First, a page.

Most voters first cast their ballots on the tribal elections and moved over to cast an additional ballot in the statewide races to put Sen. Tim Johnson in the victory column. Late into the night when the Shannon County ballots were still mostly not reported, Rep. John Thune held a slight lead. When the Shannon County results were recorded Johnson took the final lead and held it.
The first Pine Ridge primary election was nullified on Nov. 1 because of concern over unlocked ballot boxes and misplaced voter registration sheets. The presidential office of the Oglala Sioux Tribe may have a new face if the first two primaries are any indication. Means once again gathered the most votes with President John Yellow Bird Steele repeating his second place finish.
The general election will be held Nov. 19.
Means ran on a platform calling for change. He said that for the past two elections people have asked for change, but little had happened.
In 1973 Means, an active participant in the American Indian movement, was involved in the armed takeover at Wounded Knee, site of the 1890 massacre of more than 300 Lakota men, women and children. Now, nearly 30 years later he is in a position to affect, this time through the electoral process.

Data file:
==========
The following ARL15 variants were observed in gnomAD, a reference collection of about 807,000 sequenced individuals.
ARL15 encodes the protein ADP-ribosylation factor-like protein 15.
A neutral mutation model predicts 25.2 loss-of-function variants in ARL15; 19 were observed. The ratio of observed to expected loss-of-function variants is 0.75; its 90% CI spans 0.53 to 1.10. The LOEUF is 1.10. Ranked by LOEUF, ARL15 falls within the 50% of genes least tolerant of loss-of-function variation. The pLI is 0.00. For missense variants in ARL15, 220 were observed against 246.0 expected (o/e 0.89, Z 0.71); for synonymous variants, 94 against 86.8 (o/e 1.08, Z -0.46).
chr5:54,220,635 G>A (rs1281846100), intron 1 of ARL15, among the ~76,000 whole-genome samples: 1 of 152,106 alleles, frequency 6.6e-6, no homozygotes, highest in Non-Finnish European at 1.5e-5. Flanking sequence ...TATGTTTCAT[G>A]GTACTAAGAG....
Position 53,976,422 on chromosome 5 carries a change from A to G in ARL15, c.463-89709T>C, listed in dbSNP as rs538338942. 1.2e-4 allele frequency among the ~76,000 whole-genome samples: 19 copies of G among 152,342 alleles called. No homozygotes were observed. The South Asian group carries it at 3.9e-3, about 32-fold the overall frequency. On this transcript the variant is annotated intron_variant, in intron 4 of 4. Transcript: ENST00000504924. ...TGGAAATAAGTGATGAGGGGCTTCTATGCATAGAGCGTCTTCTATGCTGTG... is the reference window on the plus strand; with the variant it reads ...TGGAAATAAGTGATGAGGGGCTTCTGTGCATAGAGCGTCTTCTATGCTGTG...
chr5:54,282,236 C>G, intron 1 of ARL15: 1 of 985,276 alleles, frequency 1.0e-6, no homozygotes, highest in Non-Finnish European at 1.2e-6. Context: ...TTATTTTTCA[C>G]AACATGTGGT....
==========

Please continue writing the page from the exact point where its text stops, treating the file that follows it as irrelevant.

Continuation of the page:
"On the reservations since WWII we have the statistics of deprivation that remain constant and only gets worse," Means said. "Oglala people have spoken clearly that the want constitutional change, economic change; therefore, my platform is to offer that change. The reason there is no change is because of the massive American apartheid policy of this country. Forced communism through reservations on the land is the prime example. I'm going to federal court with a litany of these violations and end apartheid in America."
Steele was not available for comment.
Many of the voters on Pine Ridge were young in 1973 and Means said the reason for the large turnout for him was that they saw hope for the future. He added that most of the other people running for tribal council were also advocating change that will bring hope to the young and the elderly alike.
"Everyone that has run in this election has run on change and economic development as well as health issues -- everything Oglalas face," Means said. "The operative word is change for the better. Yes, tribal council will listen to a leader, and John Steele is not a leader as evidenced by his four terms in office where nothing has changed."